If there were ever a time for a good cocktail, it’s right now, to help take the edge off of living through a global pandemic.
Bars and restaurants are still closed in most states, so meeting for drinks with friends, family or co-workers has switched to the digital sphere, with many of us signing off our work-from-home days with a virtual happy hour. For those of us without any bartending skills or expertise, we may be missing a well-made cocktail at the end of the day to help us unwind. But many classic drinks can be made by following easy cocktail recipes, and they only require a few ingredients that you can easily find at your local liquor store or order online for delivery.
And not only do you get to enjoy the results of your mixology, but the art of cocktail mixing is a new skill you can master during quarantine that will come in handy in the future for at-home dining and impressing your friends.
1. Gin and tonic
Refreshing and effervescent, this straightforward cocktail was originally created as an antimalarial treatment for British soldiers stationed in India in the 19th century. Malaria is treated with quinine, but straight quinine has a bitter taste, so the soldiers added ingredients like gin, water, sugar and lime to literally help the medicine go down easier.
Since then, the recipe has been refined to the classic as we know it today, and although a gin and tonic only requires a few ingredients, the proper preparation method is all in the amounts and mixing; the correct ratio for a proper version should be one part gin to two parts tonic water.
- Tonic water
Add ice to a highball glass. Pour two ounces of gin over ice. Top with four ounces of tonic water (stirring here is optional). Add lime for garnish.
The Negroni has emerged as one of the top cocktails to learn how to make and enjoy during this quarantine, largely thanks to Stanley Tucci‘s viral tutorial. A quintessential Italian cocktail, this bittersweet concoction will whisk you away from your home to the cobblestoned streets of Rome or sunny Italian beaches. And it’s a perfect drink for happy hour, as it’s considered an aperitif, meaning it’s best enjoyed before a meal.
So, once those Zoom calls are done with work and have switched into happy hour mode, try your hand at making this libation. Be forewarned: Few drinks inspire as much controversy, because everyone has their favored mix of gin and sweet vermouth; the key is experimentation and finding the right flavor combination for you.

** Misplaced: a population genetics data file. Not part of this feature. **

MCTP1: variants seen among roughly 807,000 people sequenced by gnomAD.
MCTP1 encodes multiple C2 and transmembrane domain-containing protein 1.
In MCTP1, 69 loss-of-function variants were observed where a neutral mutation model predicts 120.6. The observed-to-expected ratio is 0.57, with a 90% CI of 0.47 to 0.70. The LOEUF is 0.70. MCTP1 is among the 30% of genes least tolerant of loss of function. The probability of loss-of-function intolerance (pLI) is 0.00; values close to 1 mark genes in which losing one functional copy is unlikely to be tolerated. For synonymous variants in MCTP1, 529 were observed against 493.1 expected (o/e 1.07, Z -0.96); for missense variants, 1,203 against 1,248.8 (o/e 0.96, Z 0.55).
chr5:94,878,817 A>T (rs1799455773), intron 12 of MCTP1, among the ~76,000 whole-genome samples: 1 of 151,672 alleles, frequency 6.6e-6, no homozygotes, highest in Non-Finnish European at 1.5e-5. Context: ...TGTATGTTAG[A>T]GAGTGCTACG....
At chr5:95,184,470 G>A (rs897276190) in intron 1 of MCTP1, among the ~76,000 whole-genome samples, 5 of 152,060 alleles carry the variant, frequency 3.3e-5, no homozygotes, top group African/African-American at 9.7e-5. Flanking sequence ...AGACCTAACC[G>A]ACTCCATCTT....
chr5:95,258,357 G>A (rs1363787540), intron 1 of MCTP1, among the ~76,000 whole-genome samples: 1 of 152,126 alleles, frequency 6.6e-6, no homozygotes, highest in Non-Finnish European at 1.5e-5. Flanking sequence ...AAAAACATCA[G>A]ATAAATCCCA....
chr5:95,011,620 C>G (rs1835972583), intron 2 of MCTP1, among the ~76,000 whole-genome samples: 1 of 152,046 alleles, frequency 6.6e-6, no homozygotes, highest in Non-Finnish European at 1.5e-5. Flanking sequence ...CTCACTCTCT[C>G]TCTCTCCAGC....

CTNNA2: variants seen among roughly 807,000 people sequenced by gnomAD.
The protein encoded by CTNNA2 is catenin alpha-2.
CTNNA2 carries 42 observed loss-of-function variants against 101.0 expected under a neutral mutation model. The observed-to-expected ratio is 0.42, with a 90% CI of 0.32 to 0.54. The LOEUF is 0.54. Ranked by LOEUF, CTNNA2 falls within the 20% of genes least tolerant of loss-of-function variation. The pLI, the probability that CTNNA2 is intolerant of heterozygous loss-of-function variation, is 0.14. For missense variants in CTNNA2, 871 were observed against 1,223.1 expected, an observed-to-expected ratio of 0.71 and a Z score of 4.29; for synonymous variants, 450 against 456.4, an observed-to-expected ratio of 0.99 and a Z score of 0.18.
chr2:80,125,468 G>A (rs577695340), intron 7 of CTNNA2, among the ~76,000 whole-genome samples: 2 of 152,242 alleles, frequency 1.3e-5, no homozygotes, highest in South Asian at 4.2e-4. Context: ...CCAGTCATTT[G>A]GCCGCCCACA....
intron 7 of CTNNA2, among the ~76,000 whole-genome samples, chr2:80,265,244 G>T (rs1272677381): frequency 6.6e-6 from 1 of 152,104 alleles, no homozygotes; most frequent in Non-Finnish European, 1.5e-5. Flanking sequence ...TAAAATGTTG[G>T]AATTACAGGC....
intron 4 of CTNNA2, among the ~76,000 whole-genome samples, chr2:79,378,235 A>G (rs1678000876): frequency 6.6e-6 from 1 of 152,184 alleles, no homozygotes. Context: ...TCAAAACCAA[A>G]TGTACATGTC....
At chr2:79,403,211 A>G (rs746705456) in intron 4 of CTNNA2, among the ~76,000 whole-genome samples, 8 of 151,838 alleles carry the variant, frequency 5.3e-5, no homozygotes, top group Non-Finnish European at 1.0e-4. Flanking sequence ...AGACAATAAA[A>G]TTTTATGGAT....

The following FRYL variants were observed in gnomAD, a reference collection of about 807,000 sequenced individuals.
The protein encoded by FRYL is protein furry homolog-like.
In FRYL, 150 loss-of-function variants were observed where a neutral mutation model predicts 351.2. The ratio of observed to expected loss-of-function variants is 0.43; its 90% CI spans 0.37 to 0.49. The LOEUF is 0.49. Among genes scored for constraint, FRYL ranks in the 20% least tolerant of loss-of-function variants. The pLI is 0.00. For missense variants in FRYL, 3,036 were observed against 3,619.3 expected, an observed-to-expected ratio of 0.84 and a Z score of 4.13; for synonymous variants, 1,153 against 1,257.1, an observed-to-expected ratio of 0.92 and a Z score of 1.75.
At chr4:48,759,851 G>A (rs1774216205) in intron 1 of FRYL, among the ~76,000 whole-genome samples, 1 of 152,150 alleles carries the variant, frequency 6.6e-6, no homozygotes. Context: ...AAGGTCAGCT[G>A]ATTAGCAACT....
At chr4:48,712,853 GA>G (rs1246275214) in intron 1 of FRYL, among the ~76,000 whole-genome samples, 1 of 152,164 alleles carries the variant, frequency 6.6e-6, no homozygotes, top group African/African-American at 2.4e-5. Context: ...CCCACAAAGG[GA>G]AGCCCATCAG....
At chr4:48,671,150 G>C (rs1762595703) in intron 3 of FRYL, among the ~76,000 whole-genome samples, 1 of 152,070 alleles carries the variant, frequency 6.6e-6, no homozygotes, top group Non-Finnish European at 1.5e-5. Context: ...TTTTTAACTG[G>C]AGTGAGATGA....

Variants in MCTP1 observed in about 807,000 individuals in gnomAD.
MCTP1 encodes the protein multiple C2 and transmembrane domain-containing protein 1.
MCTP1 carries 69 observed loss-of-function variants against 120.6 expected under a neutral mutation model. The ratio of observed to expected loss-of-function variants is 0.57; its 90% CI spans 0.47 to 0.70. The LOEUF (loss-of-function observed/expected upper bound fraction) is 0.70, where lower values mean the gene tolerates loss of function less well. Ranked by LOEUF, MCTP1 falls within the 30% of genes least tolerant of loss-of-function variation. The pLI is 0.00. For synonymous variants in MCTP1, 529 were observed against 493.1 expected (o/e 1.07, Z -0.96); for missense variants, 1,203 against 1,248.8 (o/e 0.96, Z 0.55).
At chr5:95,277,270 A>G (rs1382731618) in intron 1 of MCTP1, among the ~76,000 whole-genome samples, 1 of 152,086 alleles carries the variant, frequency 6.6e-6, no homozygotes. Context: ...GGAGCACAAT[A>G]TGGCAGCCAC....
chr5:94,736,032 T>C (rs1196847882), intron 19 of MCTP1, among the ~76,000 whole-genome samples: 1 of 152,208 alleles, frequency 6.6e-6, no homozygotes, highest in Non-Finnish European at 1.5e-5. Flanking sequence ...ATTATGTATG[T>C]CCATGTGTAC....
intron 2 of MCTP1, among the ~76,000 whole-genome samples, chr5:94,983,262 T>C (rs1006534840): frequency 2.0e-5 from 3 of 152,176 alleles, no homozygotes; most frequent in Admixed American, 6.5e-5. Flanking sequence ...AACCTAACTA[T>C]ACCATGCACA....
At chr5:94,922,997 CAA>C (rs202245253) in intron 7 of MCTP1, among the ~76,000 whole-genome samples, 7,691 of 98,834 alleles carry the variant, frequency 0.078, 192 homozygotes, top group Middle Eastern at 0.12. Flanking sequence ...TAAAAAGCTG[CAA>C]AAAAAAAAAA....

- Sweet vermouth
- An orange (for garnish)
In a mixing glass with ice, add one ounce of gin, one ounce Campari and one ounce of sweet vermouth — the key to a proper Negroni is to have equal parts of all ingredients. Stir together until chilled. Strain into a chilled glass with ice. Top with a twist of orange peel for garnish.
3. Old Fashioned
There are few things more satisfying than a properly-made Old Fashioned, and unwinding at the end of the day swirling an Old Fashioned glass and hearing the ice clink together is sure to cure what ails you.
There are several variations on how to make this classic drink, with the line being drawn between whether to muddle or stir together the sugar and Angostura bitters. Since you may not have a muddler available in your home, for this recipe, we will err on the side of stirring for ease and convenience’s sake.
- One sugar cube or a teaspoon of sugar
- Bourbon or rye whiskey
- Angostura bitters
In an Old Fashioned cocktail glass, add the sugar, two dashes of bitters and then a splash (about a teaspoon or two) of water. Stir all together until the sugar is dissolved. (It is this step where, instead of stirring, you could muddle the sugar together with the bitters and water.) Add a few ice cubes and then two ounces of whiskey. Stir all together until chilled. Top with an orange peel for garnish.
4. Dry martini
There are few cocktails more renowned than the martini. Stately and elegant, it exudes sophistication and gravitas. There are many different theories as to how the martini was first created, with one of the most popular theories being that it’s based on a cocktail called the Martinez that was created in the 1860s in San Francisco.
But the drink as we know it today was honed during the 1920s, and then, of course, popularized by Ian Fleming as the trademark drink for British spy James Bond. However, most bartenders agree that stirred — not shaken — is the way to make a proper martini. The recipe here is for a standard dry martini; to make it dirty, swap out the lemon for a splash of olive juice and garnish with olives.
- Gin (London dry-style is best)
- Dry vermouth (like Martini & Rossi)
- A lemon
Add ice to a mixing glass. Add four ounces of gin, 3/4 ounce of vermouth and then stir quickly using a bar spoon (or long-stemmed spoon if you don’t have a bar spoon available). Stir until very cold. Using a strainer, strain the liquid into a chilled cocktail glass. Cut a strip of lemon peel, twist slightly over the drink to “express” the scent and taste, and then rub the lemon along the rim of the glass. Finally, place the peel on top of the drink as a garnish.
5. Moscow Mule
Summer is on its way, which calls for ice-cold refreshments like the Moscow Mule. Zesty and thirst-quenching, the drink is most commonly served in an eye-catching copper mug that also makes it a fun beverage to enjoy for happy hour.
There are variations on the different parts per vodka and ginger beer, but the general rule is that there should be double (or more) parts ginger beer to vodka.
- Ginger beer
- Lime juice
- Lime (for garnish)
In a tall glass or copper mug filled with ice, add two ounces vodka, six ounces cold ginger beer, and half an ounce of lime juice. Stir all together until chilled. Top with a lime wedge.
Whatever your drink of choice, you can liven up your virtual happy hour — and brush up on your bartender skills — by making one of these classic cocktails.
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